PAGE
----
I liked the idea of the stagnation of space; it reminded me of what Francis Bacon said of pools of water, and how delightful they are while the water is fast moving, and how stale they become when not.
I laughed out loud when I saw the comic strip. Such a simple drawing which is so relatable. It reminds me of our crazy ability to communicate complex emotions through memes.
I am particularly partial to the collage photos of people outside their doors, the duplication of the colour and monchrome photos is rather effective. I love the concept because the interaction between us and our homes is a complex one at the moment and I feel Alex's photo series illustrates that effectively.
I loved the energy of your work and the mixture of colour photos with black and white photos. The way that reflections of images came together in a v-shape evoked explosion or growth. I loved seeing the individuality of people – through clothes, gardens, pets and posture. Doorways are so interesting – they’re internal because they belong to ‘your house’ but they also involve a presentation to, and interaction with, the outside world. A great idea to photograph them and loved the behind-the-scenes video you made.
How is that relevant to your experiences and did you have any new thoughts / reflections as a result of the piece?
lockdown has highlighted how much I under-rated the complexity and communicative wealth of others’ presence in a shared space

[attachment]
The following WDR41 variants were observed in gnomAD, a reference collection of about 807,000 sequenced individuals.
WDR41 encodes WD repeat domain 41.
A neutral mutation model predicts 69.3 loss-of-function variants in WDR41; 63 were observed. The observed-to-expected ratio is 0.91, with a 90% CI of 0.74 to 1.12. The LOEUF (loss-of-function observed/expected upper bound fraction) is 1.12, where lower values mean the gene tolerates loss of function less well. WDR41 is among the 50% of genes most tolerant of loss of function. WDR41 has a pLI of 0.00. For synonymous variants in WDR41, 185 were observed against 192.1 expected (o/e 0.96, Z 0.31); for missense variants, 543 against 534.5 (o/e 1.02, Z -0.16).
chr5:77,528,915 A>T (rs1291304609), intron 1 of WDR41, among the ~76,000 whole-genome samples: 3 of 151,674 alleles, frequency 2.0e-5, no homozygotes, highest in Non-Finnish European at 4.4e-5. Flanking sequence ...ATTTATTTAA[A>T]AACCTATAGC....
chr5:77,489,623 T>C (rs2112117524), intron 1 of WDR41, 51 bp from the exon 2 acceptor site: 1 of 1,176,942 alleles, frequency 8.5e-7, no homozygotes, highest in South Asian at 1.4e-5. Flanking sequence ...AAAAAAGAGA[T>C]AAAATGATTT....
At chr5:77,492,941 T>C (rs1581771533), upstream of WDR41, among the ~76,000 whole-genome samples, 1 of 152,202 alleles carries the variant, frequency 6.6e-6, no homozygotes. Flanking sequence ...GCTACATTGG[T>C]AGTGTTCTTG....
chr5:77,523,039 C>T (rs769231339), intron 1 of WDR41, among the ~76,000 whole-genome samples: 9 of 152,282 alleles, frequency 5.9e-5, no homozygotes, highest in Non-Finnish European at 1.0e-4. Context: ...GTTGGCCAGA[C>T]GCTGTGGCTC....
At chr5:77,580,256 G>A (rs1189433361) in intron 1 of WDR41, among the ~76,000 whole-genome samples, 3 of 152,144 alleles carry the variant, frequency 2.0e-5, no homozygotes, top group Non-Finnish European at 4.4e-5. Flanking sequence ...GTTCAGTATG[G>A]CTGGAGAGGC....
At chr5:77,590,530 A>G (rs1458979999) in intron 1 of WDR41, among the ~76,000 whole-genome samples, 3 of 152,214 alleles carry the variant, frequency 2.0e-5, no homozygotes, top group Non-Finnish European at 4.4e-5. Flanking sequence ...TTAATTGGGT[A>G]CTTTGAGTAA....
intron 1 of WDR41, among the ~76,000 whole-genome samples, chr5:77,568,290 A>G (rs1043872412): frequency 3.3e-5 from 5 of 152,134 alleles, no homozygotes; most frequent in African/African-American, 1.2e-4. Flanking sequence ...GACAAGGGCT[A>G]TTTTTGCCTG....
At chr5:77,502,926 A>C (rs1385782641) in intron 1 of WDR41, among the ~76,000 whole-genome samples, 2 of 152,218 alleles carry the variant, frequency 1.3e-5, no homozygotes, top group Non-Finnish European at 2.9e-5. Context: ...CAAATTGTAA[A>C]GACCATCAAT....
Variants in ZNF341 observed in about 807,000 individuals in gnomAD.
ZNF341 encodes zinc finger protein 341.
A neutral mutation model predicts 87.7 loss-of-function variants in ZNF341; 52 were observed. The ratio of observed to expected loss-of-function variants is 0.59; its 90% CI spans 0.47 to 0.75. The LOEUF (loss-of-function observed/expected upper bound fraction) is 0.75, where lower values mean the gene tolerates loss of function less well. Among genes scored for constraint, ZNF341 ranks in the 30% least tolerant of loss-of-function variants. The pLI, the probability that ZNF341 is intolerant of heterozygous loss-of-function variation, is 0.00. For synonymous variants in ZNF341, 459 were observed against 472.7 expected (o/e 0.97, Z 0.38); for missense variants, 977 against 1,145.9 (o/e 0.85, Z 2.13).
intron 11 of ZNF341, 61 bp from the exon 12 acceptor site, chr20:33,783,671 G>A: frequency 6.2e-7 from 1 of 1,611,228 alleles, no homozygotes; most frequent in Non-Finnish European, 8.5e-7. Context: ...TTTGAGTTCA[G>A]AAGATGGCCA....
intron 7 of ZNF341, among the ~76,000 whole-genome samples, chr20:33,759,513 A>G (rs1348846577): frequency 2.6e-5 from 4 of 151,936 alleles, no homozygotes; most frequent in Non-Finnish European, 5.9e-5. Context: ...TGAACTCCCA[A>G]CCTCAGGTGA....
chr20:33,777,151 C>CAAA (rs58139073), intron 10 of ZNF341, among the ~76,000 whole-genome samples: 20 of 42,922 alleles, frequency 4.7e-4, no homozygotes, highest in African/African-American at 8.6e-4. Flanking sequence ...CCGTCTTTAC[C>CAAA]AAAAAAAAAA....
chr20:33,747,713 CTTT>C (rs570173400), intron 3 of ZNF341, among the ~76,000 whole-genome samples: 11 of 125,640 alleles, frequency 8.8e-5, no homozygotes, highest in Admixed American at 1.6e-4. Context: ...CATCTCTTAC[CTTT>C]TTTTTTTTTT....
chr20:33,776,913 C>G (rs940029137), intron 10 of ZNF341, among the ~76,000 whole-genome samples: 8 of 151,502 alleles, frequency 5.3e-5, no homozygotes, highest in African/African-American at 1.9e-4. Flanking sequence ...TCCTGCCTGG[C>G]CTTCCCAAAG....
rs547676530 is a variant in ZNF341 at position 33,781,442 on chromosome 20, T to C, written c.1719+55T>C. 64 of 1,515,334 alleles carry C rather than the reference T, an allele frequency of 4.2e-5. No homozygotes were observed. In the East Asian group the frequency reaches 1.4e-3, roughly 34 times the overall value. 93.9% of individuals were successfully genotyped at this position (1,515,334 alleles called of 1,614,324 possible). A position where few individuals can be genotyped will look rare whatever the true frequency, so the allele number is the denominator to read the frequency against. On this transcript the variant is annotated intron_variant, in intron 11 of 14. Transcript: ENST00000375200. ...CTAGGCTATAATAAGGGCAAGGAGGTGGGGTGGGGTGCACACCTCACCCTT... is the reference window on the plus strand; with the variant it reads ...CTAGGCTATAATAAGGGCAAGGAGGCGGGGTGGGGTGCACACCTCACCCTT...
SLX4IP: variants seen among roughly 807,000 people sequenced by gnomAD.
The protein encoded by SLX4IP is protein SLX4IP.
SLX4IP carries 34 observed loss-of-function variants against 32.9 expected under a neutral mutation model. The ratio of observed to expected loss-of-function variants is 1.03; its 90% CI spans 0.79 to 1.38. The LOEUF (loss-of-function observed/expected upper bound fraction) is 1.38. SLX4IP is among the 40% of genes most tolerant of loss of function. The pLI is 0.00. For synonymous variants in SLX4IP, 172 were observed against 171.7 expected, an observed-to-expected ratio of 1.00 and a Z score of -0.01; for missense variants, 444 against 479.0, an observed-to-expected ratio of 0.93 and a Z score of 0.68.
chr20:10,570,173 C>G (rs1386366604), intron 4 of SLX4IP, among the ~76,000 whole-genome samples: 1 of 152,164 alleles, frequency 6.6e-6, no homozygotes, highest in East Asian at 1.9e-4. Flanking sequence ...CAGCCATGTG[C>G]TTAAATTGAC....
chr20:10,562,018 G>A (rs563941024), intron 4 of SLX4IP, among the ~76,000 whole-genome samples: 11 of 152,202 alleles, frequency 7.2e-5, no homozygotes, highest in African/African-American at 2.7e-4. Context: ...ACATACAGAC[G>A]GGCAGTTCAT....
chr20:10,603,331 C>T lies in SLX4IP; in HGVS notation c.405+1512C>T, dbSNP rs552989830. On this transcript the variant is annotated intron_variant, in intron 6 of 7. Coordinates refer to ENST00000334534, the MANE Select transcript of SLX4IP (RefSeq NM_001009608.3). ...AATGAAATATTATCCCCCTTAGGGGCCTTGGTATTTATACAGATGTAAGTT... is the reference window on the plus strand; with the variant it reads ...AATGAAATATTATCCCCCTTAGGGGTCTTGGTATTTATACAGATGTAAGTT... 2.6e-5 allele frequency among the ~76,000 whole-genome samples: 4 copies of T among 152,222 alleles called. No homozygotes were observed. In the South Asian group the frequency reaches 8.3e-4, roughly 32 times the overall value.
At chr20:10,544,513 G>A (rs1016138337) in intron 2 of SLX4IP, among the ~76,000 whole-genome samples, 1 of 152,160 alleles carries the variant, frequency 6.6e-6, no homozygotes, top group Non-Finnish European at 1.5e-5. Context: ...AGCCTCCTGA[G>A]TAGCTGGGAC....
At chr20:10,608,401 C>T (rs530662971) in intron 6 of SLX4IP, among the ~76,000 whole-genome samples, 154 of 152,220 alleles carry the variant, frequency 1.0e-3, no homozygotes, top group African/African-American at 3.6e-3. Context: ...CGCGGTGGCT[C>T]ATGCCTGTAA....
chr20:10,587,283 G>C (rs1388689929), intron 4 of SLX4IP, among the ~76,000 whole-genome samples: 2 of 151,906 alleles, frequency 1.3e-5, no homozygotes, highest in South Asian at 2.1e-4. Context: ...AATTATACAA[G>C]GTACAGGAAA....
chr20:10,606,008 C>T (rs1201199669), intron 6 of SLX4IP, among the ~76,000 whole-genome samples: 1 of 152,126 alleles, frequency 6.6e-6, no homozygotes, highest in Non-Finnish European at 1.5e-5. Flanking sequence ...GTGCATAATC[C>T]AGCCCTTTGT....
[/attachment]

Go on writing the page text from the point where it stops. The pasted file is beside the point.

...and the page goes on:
the dis-jointed, wound-down co-vid choreography of moving through urban environments brings to mind daily obstacles for those who do not have the luxury of spontaneous movement and how this needs to be imaginatively addressed as a participatory benefit to all.
the interrogation into shape and identity is interesting in our current situation, which has caused, as you term it, a ‘stagnation of space’. It’s a link I hadn’t thought about much before lockdown, but certainly something I see much more clearly now. It got me thinking about the different sorts of places that people live, with some people much more privileged in terms of space than others, and this is even more apparent during this time than most. The use of black and white contrasted and drained the vibrancy and colour of the left-hand images, felt sombre, hinting at the isolating effects of lockdown which I have noticed. I read your description after looking at the images, and saw your intention to relay an apocalyptic theme, which comes across. I found the concept intriguing, trying to gauge aspects of the subject’s identity from the doorstep. The individual choices of whether the door was open or closed, for instance, is interesting and the variation between people with different objects/props - revealing a little more about them. I enjoyed observing the array of different slippers – reminding the viewer that these people weren’t leaving the house much, and this works to memorialise the strange time we are living in.